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Thread: bambooo!!

  1. #51
    Administrator Allen's Avatar
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    Quote Originally Posted by huerro View Post
    Thanks gentlemen.

    Are you using a metal seat tube ala Brano Meres? If not, how are you attaching the collar to the bamboo?

    I hope you don't mind if I keep asking questions.

    I am going to use a short piece of seat tube and attach the collar to that.
    I do like Brano's bamboo seat post, although I'm going to use a regular one.

    Don't mind the questions at all. Do keep in mind this is my first frame, and it hasn't proven it's not a wheeled punji stick yet.

  2. #52
    hipster traffic dodger ChiapasFixed's Avatar
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    dont mind the questions at all. looks like bamboo bike building is the new thing, this thread could be a good resource for many.
    i used a short piece of steel tube inside the seattube too. cant really see how else you would do it, i dont think the bamboo holds up to well to internal pressures like that, it would probably crack...
    my next frame is going to bee 100% iron bamboo, so i will see how it compares to the first one in terms of stiffness. the first one is actually plenty stiff, but i havent taken it to the track for all out sprinting yet...
    whats a punji stick?

  3. #53
    Administrator Allen's Avatar
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  4. #54
    hipster traffic dodger ChiapasFixed's Avatar
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    Quote Originally Posted by AllenG View Post
    ouch!

    thankfully, even if enough force were applied to the frame to break the bamboo, it would split and shatter, not break into sharp pointy pieces.... right?

  5. #55
    Administrator Allen's Avatar
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    It's my understanding that only carbon bikes actually explode.

  6. #56
    Administrator Allen's Avatar
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    More Update:
    Ready to start the lugs


    Lugs dry

    Next I'm going to sand the lugs and smooth them with bondo.
    Being that this is my first frame I take no shame in using bondo to give the lugs a final shape.

    Learned a lot building this frame. The Mark II will be done differently.
    For one my vacuum pump died, so I used tape. The next will be done in a vacuum bag.
    Another change will be I will add filler to epoxy and will smooth the joints (such as around the seat stays and seat tube) before I wrap the lugs.
    Other than the fact it's ugly nothing is wrong with this frame, it's perfectly rideable and I'll will build it up.

    I'll post a pics of the bondo work as it progresses.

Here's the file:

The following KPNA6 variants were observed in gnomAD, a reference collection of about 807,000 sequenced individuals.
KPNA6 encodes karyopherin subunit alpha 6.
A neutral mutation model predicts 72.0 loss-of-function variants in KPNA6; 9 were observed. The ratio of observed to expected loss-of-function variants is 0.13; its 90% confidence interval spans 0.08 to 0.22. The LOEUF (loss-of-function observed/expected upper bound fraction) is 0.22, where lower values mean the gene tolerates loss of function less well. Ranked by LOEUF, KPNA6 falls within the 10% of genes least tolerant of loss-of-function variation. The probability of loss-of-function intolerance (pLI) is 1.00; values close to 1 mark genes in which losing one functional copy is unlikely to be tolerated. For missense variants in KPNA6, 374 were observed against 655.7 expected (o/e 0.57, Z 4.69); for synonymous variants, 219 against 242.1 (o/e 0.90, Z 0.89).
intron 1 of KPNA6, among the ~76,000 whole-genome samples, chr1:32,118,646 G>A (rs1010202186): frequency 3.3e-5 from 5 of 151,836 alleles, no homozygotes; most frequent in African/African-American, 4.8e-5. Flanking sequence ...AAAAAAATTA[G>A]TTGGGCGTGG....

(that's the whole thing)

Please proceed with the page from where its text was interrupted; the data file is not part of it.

Last edited by Allen; 03-09-08 at 02:10 PM.

  7. #57
    hipster traffic dodger ChiapasFixed's Avatar
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    great! not ugly at all.
    what fiber did you end up using?
    i just took my boo bike on its first critical mass ride here (we call it "pedalazo"), it was an instant hit, even the traffic cops were oggling it and asking me to make them theirs!
    i look forward to see pics of your finished build, is it a 29er? ss or fixed?
    congrats on a great job, you are almost done!

  8. #58
    Administrator Allen's Avatar
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    Chapaneco,

    It's a 29er. I'm not going SS or fixed, I have an internal geared hub to hang on it.
    Went with hemp (sourced it from here)
    ^^^
    Another change I'll make on the next frame is I'm going to spin the fiber into twine first.

    Did you or would you consider finishing your bamboo with tung oil or clear coat?
    I know I'm going to paint my lugs, but I don't know how a finish coat would adhere to the bamboo.

    Oh and thanks, seeing your bike lit the fire under me to finish this one.

  9. #59
    Villainous huerro's Avatar
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    Quote Originally Posted by AllenG View Post
    More Update:


    Lugs dry

    Next I'm going to sand the lugs and smooth them with bondo.
    Being that this is my first frame I take no shame in using bondo to give the lugs a final shape.

    Learned a lot building this frame. The Mark II will be done differently.
    For one my vacuum pump died, so I used tape. The next will be done in a vacuum bag.
    Another change will be I will add filler to epoxy and will smooth the joints (such as around the seat stays and seat tube) before I wrap the lugs.
    Other than the fact it's ugly nothing is wrong with this frame, it's perfectly rideable and I'll will build it up.

    I'll post a pics of the bondo work as it progresses.
    Not ugly at all. You'll have to give us a full update on how it rides and of course pics of the built up bike.

    You have both inspired me and I will be building one of these in the fall.

  10. #60
    Villainous huerro's Avatar
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    Quote Originally Posted by AllenG View Post
    It's a 29er. I'm not going SS or fixed, I have an internal geared hub to hang on it.
    Did you put on a metal brake bridge? Or does the hub have a roller or coaster brake?

    I've been thinking about doing a road frame, and have been thinking about whether it would be better to bond on a metal brake bridge, drill a bamboo bridge that I could cut a good miter on or something else entirely.

  11. #61
    Administrator Allen's Avatar
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    I'm going with canti brakes, the bosses are not yet on the frame. The brake bridge is made of bamboo. Not sure how long it will last, but it seems solid enough that it should take a good while to break if it is going to.

  12. #62
    hipster traffic dodger ChiapasFixed's Avatar
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    Quote Originally Posted by AllenG View Post
    Chapaneco,

    It's a 29er. I'm not going SS or fixed, I have an internal geared hub to hang on it.
    Went with hemp (sourced it from here)
    ^^^
    Another change I'll make on the next frame is I'm going to spin the fiber into twine first.

    Did you or would you consider finishing your bamboo with tung oil or clear coat?
    I know I'm going to paint my lugs, but I don't know how a finish coat would adhere to the bamboo.

    Oh and thanks, seeing your bike lit the fire under me to finish this one.
    the polyurethane thet spilled onto my bamboo was easily removed with a penknife, indicating that varnishes will not adhere well to the unsanded exterior of the bamboo. i am sure this is thanks to the wax that the bamboo has as a natural coating, which makes it waterproof and bug proof! the good news is you really dont need to treat the exterior. I did completely cover the inside of the bamboo with a polyurethane varnish to keep bugs out as well as avoid rapid changes in the bamboo's water content (which is what causes cracking!!). I have heard tung oil works well for this purpose as well, but you have to soak the bamboo in it for a while, the interior is the important part to coat, as the exterior is covered in natural wax. In Columbia, they soak the bamboo is diesel for 48 hours. this seems to work too, especially for tropical bugs.